What I hoped to see happen in unschooling my children was simple. I wanted a life where school simply wasn’t. I wanted my kids to fully experience life–not a different kind of schooling, not school at home, not superior curriculum. I wanted to continue raising kids that love life and love learning about all kinds of things this spectacular world has to offer.
One of the first ‘a-ha’ moments, if you will, happened one warm September afternoon when we were all just hanging about outside. The kids, around six and eight years old (if I’m remembering correctly) were looking at various things under the microscope my husband had set up on the picnic table. They were bringing us all kinds of things to look at–water from a puddle, grass, toenails, bugs both dead and alive, hairs both human and dog/cat/critter…you name it, they wanted to put it under the microscope. We’d been at this for awhile on that evening, the four of us enjoying our time together outside and exploring the microscopic world.
A neighbor child around six years old came across the field to play, as she did most days, and asked ‘What ya doin’?’ Meghan said ‘Annie! Look at this!’, moving away from the microscope to make room. Annie hooted and ran away from the picnic table yelling, ‘No way, that’s SCHOOL eeewww!’ Meghan looked at her funny, continued looking through the microscope and talking with us for a bit, then ran off to play on the swings with her friend.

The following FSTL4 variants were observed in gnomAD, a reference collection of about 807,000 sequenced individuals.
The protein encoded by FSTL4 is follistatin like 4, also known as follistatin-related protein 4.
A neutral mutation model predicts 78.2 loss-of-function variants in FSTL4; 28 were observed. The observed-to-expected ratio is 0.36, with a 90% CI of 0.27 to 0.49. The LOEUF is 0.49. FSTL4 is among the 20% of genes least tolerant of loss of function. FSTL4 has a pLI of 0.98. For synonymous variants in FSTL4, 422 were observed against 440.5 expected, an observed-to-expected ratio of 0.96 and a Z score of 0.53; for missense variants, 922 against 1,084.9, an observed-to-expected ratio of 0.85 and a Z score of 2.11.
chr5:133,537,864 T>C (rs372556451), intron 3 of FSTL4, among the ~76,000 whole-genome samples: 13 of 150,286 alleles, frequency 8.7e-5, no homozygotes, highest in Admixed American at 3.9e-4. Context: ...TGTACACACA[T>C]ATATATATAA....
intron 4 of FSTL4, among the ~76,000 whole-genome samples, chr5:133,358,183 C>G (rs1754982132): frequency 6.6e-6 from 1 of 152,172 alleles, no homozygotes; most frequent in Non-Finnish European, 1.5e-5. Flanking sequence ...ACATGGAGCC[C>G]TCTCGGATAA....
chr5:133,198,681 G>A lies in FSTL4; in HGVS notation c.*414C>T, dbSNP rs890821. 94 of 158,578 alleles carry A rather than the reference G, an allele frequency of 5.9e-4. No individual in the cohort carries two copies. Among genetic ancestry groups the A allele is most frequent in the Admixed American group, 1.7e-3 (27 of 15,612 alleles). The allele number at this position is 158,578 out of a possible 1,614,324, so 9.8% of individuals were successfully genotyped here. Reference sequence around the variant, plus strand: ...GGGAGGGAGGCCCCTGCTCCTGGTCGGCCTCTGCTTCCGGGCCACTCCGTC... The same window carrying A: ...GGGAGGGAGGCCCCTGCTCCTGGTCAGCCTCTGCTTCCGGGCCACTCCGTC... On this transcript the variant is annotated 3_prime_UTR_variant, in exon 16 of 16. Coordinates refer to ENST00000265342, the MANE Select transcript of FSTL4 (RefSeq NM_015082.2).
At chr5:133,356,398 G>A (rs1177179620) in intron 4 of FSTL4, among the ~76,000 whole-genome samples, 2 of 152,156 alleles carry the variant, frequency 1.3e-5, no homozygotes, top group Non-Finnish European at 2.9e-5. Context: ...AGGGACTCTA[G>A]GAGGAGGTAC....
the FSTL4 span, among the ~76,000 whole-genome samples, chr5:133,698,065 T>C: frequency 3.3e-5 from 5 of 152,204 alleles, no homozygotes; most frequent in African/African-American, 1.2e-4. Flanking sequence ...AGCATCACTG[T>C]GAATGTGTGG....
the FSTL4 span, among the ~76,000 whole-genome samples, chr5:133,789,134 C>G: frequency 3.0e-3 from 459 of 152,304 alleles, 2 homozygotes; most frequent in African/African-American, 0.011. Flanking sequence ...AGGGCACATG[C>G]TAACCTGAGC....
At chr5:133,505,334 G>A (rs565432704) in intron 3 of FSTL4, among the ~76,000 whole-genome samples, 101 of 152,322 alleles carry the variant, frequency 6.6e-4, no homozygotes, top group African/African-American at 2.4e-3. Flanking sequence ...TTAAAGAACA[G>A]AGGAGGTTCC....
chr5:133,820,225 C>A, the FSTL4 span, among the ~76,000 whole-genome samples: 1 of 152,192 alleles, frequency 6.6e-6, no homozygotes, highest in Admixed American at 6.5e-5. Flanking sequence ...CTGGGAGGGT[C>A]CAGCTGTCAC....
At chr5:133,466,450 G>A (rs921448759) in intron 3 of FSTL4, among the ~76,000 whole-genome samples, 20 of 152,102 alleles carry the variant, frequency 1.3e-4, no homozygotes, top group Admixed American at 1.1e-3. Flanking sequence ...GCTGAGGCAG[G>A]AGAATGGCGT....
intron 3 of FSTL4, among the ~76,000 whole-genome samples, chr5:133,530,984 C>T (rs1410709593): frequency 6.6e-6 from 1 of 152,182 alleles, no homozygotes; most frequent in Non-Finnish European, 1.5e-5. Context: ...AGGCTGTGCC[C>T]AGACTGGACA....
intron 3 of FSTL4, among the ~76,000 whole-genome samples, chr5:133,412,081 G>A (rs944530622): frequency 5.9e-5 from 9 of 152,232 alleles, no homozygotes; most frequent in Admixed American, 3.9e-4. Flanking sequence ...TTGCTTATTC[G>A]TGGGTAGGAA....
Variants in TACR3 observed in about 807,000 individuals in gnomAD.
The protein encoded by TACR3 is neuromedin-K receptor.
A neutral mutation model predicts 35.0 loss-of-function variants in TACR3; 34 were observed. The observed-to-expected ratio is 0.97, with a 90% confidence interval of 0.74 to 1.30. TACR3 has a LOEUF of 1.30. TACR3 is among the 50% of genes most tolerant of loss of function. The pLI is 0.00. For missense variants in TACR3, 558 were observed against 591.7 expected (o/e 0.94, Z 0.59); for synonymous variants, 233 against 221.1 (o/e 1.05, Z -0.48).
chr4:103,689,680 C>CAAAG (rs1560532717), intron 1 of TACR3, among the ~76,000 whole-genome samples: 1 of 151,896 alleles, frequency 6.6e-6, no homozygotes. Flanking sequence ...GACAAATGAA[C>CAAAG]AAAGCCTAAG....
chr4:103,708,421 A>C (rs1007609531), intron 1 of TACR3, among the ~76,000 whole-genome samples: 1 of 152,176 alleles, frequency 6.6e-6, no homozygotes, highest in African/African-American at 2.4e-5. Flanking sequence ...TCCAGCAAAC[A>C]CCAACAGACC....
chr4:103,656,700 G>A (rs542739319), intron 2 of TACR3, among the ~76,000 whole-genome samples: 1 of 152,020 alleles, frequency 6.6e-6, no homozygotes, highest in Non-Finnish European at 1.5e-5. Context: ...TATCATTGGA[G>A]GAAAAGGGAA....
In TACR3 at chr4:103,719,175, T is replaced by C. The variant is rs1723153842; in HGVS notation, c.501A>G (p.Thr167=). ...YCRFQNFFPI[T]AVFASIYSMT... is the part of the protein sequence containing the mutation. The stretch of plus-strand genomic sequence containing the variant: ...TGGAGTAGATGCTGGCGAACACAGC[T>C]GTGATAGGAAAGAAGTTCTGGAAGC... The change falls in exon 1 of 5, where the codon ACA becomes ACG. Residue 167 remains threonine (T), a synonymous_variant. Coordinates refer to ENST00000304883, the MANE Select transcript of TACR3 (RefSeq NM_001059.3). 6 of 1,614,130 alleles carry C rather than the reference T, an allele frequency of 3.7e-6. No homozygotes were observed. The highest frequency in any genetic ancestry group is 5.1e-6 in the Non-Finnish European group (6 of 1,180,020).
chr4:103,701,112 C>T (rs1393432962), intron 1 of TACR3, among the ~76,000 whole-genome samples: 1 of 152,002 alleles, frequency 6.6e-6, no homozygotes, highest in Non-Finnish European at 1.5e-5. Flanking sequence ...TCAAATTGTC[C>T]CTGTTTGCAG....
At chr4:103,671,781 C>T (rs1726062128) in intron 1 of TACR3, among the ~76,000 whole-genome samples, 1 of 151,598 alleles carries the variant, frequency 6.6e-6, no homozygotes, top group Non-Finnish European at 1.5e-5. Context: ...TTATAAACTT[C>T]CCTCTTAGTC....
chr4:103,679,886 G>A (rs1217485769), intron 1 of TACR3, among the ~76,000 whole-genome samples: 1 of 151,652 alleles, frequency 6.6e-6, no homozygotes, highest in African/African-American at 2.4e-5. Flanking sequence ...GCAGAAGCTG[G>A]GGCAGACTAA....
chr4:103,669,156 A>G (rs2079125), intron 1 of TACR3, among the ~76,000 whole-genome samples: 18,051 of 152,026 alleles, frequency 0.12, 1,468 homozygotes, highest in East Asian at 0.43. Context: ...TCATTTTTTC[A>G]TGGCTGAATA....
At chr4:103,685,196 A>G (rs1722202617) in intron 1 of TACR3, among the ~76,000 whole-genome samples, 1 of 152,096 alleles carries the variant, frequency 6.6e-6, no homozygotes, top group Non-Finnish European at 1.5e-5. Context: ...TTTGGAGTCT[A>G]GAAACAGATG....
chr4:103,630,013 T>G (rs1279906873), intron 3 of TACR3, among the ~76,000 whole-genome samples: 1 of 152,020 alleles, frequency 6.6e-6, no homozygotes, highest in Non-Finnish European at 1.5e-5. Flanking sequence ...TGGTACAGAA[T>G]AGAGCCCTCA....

My husband and I looked at each other and we both knew what a big moment this was for us. Annie’s reaction cemented our thoughts that, sadly, school does not promote a love of learning, a love of exploring the world around us.
This was a huge moment for both of us,but most of all for him. Having come from a less than ideal home situation, school was an escape and an opportunity to improve life for that Husband o’ mine. As a result, he was not keen on homeschooling at first. Thankfully, our children’s time in school was very brief as my prayers were answered and he saw the light.
What I hoped and prayed would happen in unschooling our children was that we would raise people who not only kept their love of learning intact, but often fanned their own flames into a full blown fire. Now that we’re parents of young adults ages 19 and 17, I can tell you that what I got was exactly that and so, SO much more. A life lived as if there is no such thing as school is a rich, fulfilling life, indeed.